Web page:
Fewer Teens Are Using E-Cigarettes and Other Types of Tobacco
Fewer teens are using e-cigarettes and other types of tobacco, according to a new study by the Centers for Disease Control and Prevention.
The United States Supreme Court this week rejected the tobacco industry’s appeal of a Florida court ruling. The decision could make it easier for ill smokers or their survivors to sue cigarette makers, Bloomberg reports.
Tobacco companies Philip Morris USA, R.J. Reynolds Tobacco and Liggett had challenged a $2.5 million award to the family of Charlotte Douglas, who died of lung cancer in 2008.
In March, the Florida Supreme Court held up the Douglas verdict. The majority reaffirmed the court’s “Engle” decision that stated tobacco companies knowingly sold dangerous products and hid the dangers of cigarette smoking.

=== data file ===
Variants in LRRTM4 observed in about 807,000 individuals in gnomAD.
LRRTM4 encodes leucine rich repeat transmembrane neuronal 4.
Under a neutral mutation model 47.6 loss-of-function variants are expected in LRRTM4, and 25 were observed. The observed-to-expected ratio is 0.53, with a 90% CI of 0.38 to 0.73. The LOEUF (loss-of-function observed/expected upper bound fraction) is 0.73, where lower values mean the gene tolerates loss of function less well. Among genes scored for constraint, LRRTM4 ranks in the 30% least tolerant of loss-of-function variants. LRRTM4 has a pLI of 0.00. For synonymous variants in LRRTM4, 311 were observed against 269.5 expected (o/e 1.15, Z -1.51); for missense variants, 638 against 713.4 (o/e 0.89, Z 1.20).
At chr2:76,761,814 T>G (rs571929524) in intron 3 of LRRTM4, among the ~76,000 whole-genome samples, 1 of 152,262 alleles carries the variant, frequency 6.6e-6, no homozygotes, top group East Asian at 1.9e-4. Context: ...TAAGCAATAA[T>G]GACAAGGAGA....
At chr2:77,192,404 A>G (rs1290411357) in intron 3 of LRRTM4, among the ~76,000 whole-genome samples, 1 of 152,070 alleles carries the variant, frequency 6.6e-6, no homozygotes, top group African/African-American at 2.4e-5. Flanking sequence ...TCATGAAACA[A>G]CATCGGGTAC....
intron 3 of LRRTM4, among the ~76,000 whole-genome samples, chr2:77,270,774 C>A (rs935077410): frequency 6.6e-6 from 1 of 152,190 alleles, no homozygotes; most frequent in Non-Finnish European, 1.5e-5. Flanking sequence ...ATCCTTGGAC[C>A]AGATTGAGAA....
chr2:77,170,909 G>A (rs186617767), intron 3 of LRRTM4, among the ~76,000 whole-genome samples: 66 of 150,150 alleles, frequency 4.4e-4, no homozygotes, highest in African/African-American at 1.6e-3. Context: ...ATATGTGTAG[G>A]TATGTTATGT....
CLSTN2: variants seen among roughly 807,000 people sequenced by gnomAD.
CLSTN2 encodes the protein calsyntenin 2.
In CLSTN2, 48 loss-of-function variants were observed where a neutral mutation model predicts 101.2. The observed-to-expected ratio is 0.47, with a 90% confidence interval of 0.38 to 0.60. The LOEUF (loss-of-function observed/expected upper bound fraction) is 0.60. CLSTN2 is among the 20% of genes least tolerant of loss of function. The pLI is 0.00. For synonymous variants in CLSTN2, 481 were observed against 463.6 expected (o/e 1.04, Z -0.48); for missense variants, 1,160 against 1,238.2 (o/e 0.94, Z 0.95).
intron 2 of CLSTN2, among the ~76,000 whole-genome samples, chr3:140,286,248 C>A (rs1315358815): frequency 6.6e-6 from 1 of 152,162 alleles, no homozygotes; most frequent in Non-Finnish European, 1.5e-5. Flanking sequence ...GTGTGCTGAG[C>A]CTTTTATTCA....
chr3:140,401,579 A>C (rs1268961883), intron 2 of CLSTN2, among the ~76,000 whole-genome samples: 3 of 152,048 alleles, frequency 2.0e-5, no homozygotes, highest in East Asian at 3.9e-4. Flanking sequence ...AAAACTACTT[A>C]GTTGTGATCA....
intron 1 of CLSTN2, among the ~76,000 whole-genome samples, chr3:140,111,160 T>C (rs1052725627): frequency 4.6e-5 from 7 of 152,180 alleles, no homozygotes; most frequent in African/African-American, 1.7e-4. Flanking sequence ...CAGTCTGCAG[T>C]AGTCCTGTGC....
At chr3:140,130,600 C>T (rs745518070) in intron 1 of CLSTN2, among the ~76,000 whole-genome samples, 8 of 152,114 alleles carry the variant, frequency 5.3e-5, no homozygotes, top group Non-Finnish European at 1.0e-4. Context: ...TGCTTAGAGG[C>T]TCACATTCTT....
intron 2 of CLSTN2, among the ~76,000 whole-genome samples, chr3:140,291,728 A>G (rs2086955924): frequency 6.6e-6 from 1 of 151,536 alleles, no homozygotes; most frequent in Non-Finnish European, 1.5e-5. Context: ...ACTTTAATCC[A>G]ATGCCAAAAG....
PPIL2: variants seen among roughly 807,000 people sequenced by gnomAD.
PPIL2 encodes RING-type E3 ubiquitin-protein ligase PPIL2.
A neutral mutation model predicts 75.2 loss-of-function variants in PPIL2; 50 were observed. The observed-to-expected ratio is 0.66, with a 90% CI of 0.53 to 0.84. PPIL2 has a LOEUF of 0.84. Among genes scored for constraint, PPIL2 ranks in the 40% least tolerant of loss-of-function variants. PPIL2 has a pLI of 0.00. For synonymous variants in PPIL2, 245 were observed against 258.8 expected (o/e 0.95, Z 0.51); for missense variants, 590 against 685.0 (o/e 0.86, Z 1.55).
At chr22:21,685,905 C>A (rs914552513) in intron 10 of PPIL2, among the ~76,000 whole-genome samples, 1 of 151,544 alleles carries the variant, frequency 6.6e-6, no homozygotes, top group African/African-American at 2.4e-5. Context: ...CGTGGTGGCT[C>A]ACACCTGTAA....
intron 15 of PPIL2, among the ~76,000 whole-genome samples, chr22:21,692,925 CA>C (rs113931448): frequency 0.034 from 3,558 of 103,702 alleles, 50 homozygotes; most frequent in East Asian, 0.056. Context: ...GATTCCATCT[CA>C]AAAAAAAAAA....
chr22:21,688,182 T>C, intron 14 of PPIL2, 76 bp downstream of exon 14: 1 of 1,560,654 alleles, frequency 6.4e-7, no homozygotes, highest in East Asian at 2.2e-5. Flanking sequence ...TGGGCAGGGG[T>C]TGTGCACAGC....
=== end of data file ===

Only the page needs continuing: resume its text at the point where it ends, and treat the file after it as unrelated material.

In 2006, the Florida Supreme Court ruled that factual findings in the Engle case, a 1994 class-action lawsuit named after one of the plaintiffs, would apply to all similar cases filed afterwards, so long as they were filed before a 2008 deadline.
Under the Engle decision, individual smokers can file their own lawsuits, and do not have to prove anything about tobacco companies’ actions. They do have to demonstrate they, or their deceased relatives, were addicted to smoking, were unable to quit and that cigarettes caused illness or death.
Before Engle, tobacco companies generally won lawsuits because it was too difficult to prove cigarettes caused a particular illness, or juries decided smokers should be responsible for their decision to use cigarettes.
Since the Engle decision was made, Florida has become a popular site for people to sue tobacco companies for damages. More than 4,500 smokers’ suits are pending in Florida. Juries in the state have returned verdicts totaling more than $500 million against the tobacco industry, according to the companies.